Similar to how capital constraints helped propel startups like Square to thrive during the last recession, the current pressure of constraints may also help cities like Columbus succeed by attracting and retaining more of these big tech alumni. For example, the Ohio State graduates who moved to Silicon Valley to start their career in tech can now return home to Columbus to start their company (with a year’s worth of living expenses).

Experienced tech talent bring a unique advantage through their work and education based trust networks that opens up access to venture capital and partnership opportunities vital to tech startup success.

Venture capital invests beyond Silicon Valley

Venture capital is a leading indicator of what entrepreneurs are working on and where they are working. For several decades, Silicon Valley has monopolized the venture flows with investors declaring that they would only invest in companies they can drive to for boarding meetings. However, the Zoomification of meetings and competitive forces have up-ended this assertion and the landscape has changed.

Silicon Valley’s share of venture capital dropped below 20% in 2021. And according to Crunchbase, the rebalancing continued in 2022 with a 40% drop in venture in California, New York and Massachusetts. The beneficiaries of these shifts can be seen in the increased traction in emerging venture destinations, especially in Texas, Florida, and North Carolina.

Eyes on the horizon for the next big thing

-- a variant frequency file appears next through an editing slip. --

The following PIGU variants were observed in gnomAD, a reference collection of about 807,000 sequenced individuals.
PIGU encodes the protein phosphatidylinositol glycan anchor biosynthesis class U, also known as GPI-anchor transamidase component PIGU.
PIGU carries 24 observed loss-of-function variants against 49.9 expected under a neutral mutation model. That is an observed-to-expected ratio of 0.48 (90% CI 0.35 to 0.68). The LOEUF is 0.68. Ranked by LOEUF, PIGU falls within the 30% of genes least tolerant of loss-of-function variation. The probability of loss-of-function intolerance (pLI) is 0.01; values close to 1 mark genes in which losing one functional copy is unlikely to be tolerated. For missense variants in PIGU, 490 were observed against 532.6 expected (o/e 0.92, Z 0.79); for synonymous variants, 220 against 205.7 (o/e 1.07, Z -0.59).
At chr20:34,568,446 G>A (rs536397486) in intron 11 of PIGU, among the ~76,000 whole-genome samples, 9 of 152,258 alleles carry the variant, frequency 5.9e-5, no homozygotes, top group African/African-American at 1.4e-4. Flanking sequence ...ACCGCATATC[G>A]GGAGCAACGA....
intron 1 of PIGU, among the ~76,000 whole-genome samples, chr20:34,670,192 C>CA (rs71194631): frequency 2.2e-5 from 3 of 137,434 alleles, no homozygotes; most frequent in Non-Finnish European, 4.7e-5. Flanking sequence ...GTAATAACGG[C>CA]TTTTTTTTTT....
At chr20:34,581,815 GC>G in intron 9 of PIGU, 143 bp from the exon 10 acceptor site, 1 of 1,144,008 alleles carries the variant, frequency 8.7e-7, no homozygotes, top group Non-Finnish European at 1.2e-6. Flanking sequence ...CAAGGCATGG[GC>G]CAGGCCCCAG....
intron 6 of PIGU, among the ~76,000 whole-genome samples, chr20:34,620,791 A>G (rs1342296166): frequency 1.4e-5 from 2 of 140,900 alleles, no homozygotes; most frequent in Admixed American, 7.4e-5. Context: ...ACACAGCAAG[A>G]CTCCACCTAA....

This trend isn’t limited to just startups. Investors are also on the move and, in some cases, out of physical places altogether. One of Silicon Valley’s most prominent venture firms, Andreessen Horowitz, announced the location of its new headquarters to “the cloud.” As Ben Horowitz explains, This is a very good thing for the country and the world. As my partner, Marc, wrote in his 2011 article, “Software Is Eating the World,” every important new company is likely to have a world-class software team at its core. Concentrating all of those companies into one or two geographies cuts off great opportunities from anyone who can contribute, but cannot easily move. Remote work is opening up many new locations for entrepreneurs and technology workers. We embrace that by changing our own operating model.

This expansion beyond the traditional tech hubs signals a shift in the innovation economy, and combined with an increasingly remote workforce, it opens up the real possibility that the next Uber, Airbnb or Square is just as likely being built today in one of the new tech cities around the country – in places like Austin, Atlanta, and Columbus – as in Silicon Valley.

As the economy settles into its new phase, all eyes are on the horizon for the next “big thing.” This time, those eyes will have to look in every direction.

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Source: Forbes